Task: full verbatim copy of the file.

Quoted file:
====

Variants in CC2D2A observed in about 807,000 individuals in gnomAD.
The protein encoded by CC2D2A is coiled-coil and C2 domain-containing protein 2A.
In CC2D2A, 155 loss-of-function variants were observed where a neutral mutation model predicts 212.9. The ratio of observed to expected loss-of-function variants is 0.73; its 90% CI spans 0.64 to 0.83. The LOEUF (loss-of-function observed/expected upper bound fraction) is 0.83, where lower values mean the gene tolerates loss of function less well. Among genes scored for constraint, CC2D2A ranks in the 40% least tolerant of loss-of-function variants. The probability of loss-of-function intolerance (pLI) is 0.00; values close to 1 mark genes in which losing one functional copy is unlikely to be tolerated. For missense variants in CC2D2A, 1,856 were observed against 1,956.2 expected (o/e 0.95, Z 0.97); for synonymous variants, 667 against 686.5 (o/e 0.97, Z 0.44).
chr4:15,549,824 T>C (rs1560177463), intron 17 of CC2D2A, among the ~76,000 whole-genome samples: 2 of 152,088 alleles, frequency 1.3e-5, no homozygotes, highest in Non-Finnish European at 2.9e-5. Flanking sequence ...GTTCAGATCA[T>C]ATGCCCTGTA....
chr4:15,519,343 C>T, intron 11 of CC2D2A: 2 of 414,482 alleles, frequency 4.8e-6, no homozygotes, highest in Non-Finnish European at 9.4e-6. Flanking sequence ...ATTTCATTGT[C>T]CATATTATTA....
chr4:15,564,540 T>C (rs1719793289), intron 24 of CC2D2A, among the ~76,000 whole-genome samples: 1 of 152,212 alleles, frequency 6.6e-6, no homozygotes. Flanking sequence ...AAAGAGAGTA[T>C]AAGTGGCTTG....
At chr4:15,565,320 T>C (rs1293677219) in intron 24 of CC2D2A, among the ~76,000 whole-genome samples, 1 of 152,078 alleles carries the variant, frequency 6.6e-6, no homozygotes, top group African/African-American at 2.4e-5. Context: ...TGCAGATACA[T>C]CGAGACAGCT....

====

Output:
Variants in CC2D2A observed in about 807,000 individuals in gnomAD.
The protein encoded by CC2D2A is coiled-coil and C2 domain-containing protein 2A.
In CC2D2A, 155 loss-of-function variants were observed where a neutral mutation model predicts 212.9. The ratio of observed to expected loss-of-function variants is 0.73; its 90% CI spans 0.64 to 0.83. The LOEUF (loss-of-function observed/expected upper bound fraction) is 0.83, where lower values mean the gene tolerates loss of function less well. Among genes scored for constraint, CC2D2A ranks in the 40% least tolerant of loss-of-function variants. The probability of loss-of-function intolerance (pLI) is 0.00; values close to 1 mark genes in which losing one functional copy is unlikely to be tolerated. For missense variants in CC2D2A, 1,856 were observed against 1,956.2 expected (o/e 0.95, Z 0.97); for synonymous variants, 667 against 686.5 (o/e 0.97, Z 0.44).
chr4:15,549,824 T>C (rs1560177463), intron 17 of CC2D2A, among the ~76,000 whole-genome samples: 2 of 152,088 alleles, frequency 1.3e-5, no homozygotes, highest in Non-Finnish European at 2.9e-5. Flanking sequence ...GTTCAGATCA[T>C]ATGCCCTGTA....
chr4:15,519,343 C>T, intron 11 of CC2D2A: 2 of 414,482 alleles, frequency 4.8e-6, no homozygotes, highest in Non-Finnish European at 9.4e-6. Flanking sequence ...ATTTCATTGT[C>T]CATATTATTA....
chr4:15,564,540 T>C (rs1719793289), intron 24 of CC2D2A, among the ~76,000 whole-genome samples: 1 of 152,212 alleles, frequency 6.6e-6, no homozygotes. Flanking sequence ...AAAGAGAGTA[T>C]AAGTGGCTTG....
At chr4:15,565,320 T>C (rs1293677219) in intron 24 of CC2D2A, among the ~76,000 whole-genome samples, 1 of 152,078 alleles carries the variant, frequency 6.6e-6, no homozygotes, top group African/African-American at 2.4e-5. Context: ...TGCAGATACA[T>C]CGAGACAGCT....